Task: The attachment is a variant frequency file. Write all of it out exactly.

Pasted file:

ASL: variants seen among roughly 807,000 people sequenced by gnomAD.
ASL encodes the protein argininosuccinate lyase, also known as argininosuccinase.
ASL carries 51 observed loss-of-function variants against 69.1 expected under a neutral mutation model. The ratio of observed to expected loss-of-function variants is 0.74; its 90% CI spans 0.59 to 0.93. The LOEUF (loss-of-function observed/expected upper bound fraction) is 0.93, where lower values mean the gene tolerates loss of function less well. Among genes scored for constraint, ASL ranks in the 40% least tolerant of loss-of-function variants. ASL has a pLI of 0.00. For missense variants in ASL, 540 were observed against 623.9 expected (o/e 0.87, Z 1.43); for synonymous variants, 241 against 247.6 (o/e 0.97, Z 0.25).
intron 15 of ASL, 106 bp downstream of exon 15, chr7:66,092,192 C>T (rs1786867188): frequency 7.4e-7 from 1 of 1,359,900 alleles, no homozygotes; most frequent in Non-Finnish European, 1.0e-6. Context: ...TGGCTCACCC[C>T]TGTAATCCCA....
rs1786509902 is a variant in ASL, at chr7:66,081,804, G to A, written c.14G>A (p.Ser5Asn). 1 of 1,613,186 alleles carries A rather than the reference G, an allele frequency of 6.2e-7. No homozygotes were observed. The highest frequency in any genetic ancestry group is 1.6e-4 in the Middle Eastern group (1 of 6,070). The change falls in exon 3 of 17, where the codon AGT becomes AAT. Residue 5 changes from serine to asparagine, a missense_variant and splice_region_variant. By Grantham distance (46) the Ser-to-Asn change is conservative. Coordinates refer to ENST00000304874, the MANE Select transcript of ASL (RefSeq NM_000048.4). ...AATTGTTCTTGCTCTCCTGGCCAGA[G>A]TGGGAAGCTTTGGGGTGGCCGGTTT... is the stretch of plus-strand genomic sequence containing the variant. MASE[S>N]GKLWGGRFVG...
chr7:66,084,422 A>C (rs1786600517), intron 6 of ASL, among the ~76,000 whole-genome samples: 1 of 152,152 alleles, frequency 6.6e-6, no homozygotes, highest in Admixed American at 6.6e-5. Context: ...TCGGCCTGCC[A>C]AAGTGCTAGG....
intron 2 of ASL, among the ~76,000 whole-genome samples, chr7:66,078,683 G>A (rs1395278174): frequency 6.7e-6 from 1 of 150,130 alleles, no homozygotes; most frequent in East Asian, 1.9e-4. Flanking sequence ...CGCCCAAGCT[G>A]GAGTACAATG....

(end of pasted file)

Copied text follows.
ASL: variants seen among roughly 807,000 people sequenced by gnomAD.
ASL encodes the protein argininosuccinate lyase, also known as argininosuccinase.
ASL carries 51 observed loss-of-function variants against 69.1 expected under a neutral mutation model. The ratio of observed to expected loss-of-function variants is 0.74; its 90% CI spans 0.59 to 0.93. The LOEUF (loss-of-function observed/expected upper bound fraction) is 0.93, where lower values mean the gene tolerates loss of function less well. Among genes scored for constraint, ASL ranks in the 40% least tolerant of loss-of-function variants. ASL has a pLI of 0.00. For missense variants in ASL, 540 were observed against 623.9 expected (o/e 0.87, Z 1.43); for synonymous variants, 241 against 247.6 (o/e 0.97, Z 0.25).
intron 15 of ASL, 106 bp downstream of exon 15, chr7:66,092,192 C>T (rs1786867188): frequency 7.4e-7 from 1 of 1,359,900 alleles, no homozygotes; most frequent in Non-Finnish European, 1.0e-6. Context: ...TGGCTCACCC[C>T]TGTAATCCCA....
rs1786509902 is a variant in ASL, at chr7:66,081,804, G to A, written c.14G>A (p.Ser5Asn). 1 of 1,613,186 alleles carries A rather than the reference G, an allele frequency of 6.2e-7. No homozygotes were observed. The highest frequency in any genetic ancestry group is 1.6e-4 in the Middle Eastern group (1 of 6,070). The change falls in exon 3 of 17, where the codon AGT becomes AAT. Residue 5 changes from serine to asparagine, a missense_variant and splice_region_variant. By Grantham distance (46) the Ser-to-Asn change is conservative. Coordinates refer to ENST00000304874, the MANE Select transcript of ASL (RefSeq NM_000048.4). ...AATTGTTCTTGCTCTCCTGGCCAGA[G>A]TGGGAAGCTTTGGGGTGGCCGGTTT... is the stretch of plus-strand genomic sequence containing the variant. MASE[S>N]GKLWGGRFVG...
chr7:66,084,422 A>C (rs1786600517), intron 6 of ASL, among the ~76,000 whole-genome samples: 1 of 152,152 alleles, frequency 6.6e-6, no homozygotes, highest in Admixed American at 6.6e-5. Context: ...TCGGCCTGCC[A>C]AAGTGCTAGG....
intron 2 of ASL, among the ~76,000 whole-genome samples, chr7:66,078,683 G>A (rs1395278174): frequency 6.7e-6 from 1 of 150,130 alleles, no homozygotes; most frequent in East Asian, 1.9e-4. Flanking sequence ...CGCCCAAGCT[G>A]GAGTACAATG....